Disassociated molecular orientation distributions of a composite cellulose–lignin carbon fiber precursor: A study by rotor synchronized NMR spectroscopy and X-ray scattering
Journal article, 2021

Cellulose–lignin composite carbon fibers have shown to be a potential environmentally benign alternative to the traditional polyacrylonitrile precursor. With the associated cost reduction, cellulose–lignin carbon fibers are an attractive light-weight material for, e.g. wind power and automobile manufacturing. The carbon fiber tenacity, tensile modulus and creep resistance is in part determined by the carbon content and the molecular orientation distribution of the precursor. This work disassociates the molecular orientation of different components in cellulose–lignin composite fibers using rotor-synchronized solid-state nuclear magnetic resonance spectroscopy and X-ray scattering. Our results show that lignin is completely disordered, in a mechanically stretched cellulose–lignin composite fiber, while the cellulose is ordered. In contrast, the native spruce wood raw material displays both oriented lignin and cellulose. The current processes for fabricating a cellulose–lignin composite fiber cannot regain the oriented lignin as observed from the native wood.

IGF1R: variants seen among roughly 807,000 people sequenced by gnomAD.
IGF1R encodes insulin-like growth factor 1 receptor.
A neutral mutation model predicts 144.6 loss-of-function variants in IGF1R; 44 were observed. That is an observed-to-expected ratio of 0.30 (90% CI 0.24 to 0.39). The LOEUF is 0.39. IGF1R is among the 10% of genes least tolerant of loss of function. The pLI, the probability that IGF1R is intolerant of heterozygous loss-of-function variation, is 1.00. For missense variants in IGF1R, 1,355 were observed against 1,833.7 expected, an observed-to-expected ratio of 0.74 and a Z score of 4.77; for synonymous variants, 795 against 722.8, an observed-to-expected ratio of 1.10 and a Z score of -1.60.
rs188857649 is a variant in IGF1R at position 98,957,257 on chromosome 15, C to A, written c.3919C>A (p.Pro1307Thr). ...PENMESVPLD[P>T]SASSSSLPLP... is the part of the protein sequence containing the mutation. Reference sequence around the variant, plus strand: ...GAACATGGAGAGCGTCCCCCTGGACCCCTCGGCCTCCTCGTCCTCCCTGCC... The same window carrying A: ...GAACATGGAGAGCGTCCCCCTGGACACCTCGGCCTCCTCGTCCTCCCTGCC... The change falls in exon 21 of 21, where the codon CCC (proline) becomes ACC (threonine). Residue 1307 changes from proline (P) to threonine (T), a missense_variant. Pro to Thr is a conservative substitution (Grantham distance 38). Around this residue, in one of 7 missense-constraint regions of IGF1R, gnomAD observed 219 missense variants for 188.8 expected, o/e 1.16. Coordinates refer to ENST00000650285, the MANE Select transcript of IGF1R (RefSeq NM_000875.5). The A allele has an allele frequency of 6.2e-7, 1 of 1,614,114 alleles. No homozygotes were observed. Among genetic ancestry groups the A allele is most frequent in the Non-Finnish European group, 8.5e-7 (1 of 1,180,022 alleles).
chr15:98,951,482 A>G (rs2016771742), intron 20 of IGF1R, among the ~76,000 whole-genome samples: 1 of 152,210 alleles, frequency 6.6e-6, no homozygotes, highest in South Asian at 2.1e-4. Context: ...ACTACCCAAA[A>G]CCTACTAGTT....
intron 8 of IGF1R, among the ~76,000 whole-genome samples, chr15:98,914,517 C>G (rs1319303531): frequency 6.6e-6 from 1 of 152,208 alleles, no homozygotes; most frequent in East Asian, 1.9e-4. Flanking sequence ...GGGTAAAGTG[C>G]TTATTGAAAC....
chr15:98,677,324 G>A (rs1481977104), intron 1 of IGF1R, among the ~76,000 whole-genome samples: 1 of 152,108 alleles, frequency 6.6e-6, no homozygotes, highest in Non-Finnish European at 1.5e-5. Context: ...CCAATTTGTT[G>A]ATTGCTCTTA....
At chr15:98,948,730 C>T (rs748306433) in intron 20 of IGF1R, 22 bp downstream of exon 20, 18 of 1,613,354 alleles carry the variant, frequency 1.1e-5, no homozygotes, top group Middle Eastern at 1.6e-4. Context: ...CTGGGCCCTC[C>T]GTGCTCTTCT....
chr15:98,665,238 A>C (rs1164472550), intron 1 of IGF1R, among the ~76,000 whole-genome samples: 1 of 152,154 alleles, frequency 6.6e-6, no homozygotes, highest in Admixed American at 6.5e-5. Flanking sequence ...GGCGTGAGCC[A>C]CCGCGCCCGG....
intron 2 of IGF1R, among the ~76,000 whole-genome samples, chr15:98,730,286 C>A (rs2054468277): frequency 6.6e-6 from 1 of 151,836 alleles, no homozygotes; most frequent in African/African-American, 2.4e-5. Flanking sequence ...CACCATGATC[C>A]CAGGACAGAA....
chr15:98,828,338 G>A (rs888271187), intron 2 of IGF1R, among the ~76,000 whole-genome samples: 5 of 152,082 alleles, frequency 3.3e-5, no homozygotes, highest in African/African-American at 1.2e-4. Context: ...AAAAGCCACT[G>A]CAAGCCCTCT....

Molecular orientation distribution

Solid-state NMR

X-ray scattering

Carbon fibers


Regenerated cellulose

Rotor synchronized magic-angle spinning




Leo Svenningsson

Chalmers, Chemistry and Chemical Engineering, Applied Chemistry, Lars Evenäs Group

Jenny Bengtsson

RISE Research Institutes of Sweden

Kerstin Jedvert

RISE Research Institutes of Sweden

Werner Schlemmer

Technische Universität Graz

Hans Theliander

Chalmers, Chemistry and Chemical Engineering, Chemical Technology, Forest Products and Chemical Engineering

Wallenberg Wood Science Center (WWSC)

Lars Evenäs

Chalmers, Chemistry and Chemical Engineering, Applied Chemistry, Lars Evenäs Group

Wallenberg Wood Science Center (WWSC)

Carbohydrate Polymers

0144-8617 (ISSN)

Vol. 254 117293

Subject Categories

Paper, Pulp and Fiber Technology

Polymer Technologies

Composite Science and Engineering





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